Exodus 24:12 contains this wonderful invitation, direct from the Lord God Himself. He calls Moses to come up and meet with Him on Mount Sinai. I guess we all to some extent long for mountaintop experiences. We long to get away from the press and the burdens of our daily lives and come a bit more tangibly into the presence of God. We long for the clean air, the clear view, the undistracted opportunity to listen to the Lord.

The idea of going up high to meet with God is seen in many places in the Bible. In Matthew 17, Jesus takes Peter, James and John ‘up a high mountain by themselves’. Here they see Jesus transfigured before them, with Moses and Elijah also appearing. Elijah himself experiences the most awesome outpouring of God’s power on Mount Carmel. And when Jesus needed to discuss with His Heavenly Father the choice of His disciples, He went out to a mountainside (NIV), or (as NLT puts it) ‘up on a mountain’.

You might even consider the Garden of Eden to have been at least partway up a mountain. I’m indebted to David Anthony for pointing out, in a sermon years ago, that the four rivers, Pishon, Gihon, Tigris, and Euphrates, flow out of the garden (Genesis 2:10-14). And hence the garden must be higher than all the lands the rivers flow through.

For some reason, reading Exodus 24 made me think of the heavenly city, the new Jerusalem, described in Revelation 21:16. Its length and width are given as around 1400 miles each, and its shape is square. But it intrigues me to note that its height is the same 1400 miles. Now we are fascinated by height and depth, but we are rather limited: our highest mountain is about 5 miles high, while our deepest trench is about 7 miles deep, or 12 miles lower than the peak of Mount Everest. But in the heavenly city we see 100 times as much height to play with! What mountains, or canyons, waterfalls, slides and zipwires, ridges and valleys, and other features way beyond our current understanding, might be possible in our heavenly home?

So what relevance does this have to worship, or worship leading? Two things, the general and the specific. In general, we must make space for the presence of God. We must seek His face. We can’t always go off up a mountain, or even find a lonely place to pray. But Jesus’ example challenges us to find a place and a time when we can be undistracted. A place where we can hope others won’t disturb us, and a time when the business of the day does not intrude. This will be different for everyone of course, but Jesus often seemed to use either the night or the early morning to pray, and I would say if we aren’t sure we would be wise to follow Him in this.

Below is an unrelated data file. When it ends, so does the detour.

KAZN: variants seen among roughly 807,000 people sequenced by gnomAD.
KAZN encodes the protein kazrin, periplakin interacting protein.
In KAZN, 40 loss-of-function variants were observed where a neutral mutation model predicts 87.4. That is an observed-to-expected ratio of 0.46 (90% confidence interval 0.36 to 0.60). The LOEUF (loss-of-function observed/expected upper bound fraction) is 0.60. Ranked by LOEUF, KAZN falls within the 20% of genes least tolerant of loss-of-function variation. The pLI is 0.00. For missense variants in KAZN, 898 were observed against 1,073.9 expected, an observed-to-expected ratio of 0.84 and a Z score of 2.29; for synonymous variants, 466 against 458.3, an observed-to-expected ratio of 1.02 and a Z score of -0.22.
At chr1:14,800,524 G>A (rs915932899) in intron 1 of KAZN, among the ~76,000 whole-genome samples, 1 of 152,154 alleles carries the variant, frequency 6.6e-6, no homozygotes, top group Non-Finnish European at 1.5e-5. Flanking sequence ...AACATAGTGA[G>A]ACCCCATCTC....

As to the specifics, we can come back to Exodus 24. What is it God calls Moses to talk about? Nothing less than how to arrange the worship life of the nation of Israel for the next thousand years or so! The Lord wants to explain about the tent of meeting, the ark of the covenant, the table, the altar, the lamps, the priests and their garments, the incense, etc. Moses is to prepare the nation to worship ‘according to the pattern shown him on the mountain’.

The same principle applies when we lead worship. The Lord wants to meet with us, He wants to impart some flavour of the worship of Heaven, and we must develop a deep desire to come to Him, to meet with Him, and learn how to hear His voice more and more clearly, so that what we bring when we lead worship is coming from the very heart of God.

2 thoughts on “Come Up to Me on the Mountain”

  1. Thank you, Richard, that is so insightful and helpful to me as I sometimes lead services as well as preach. Very thought provoking.

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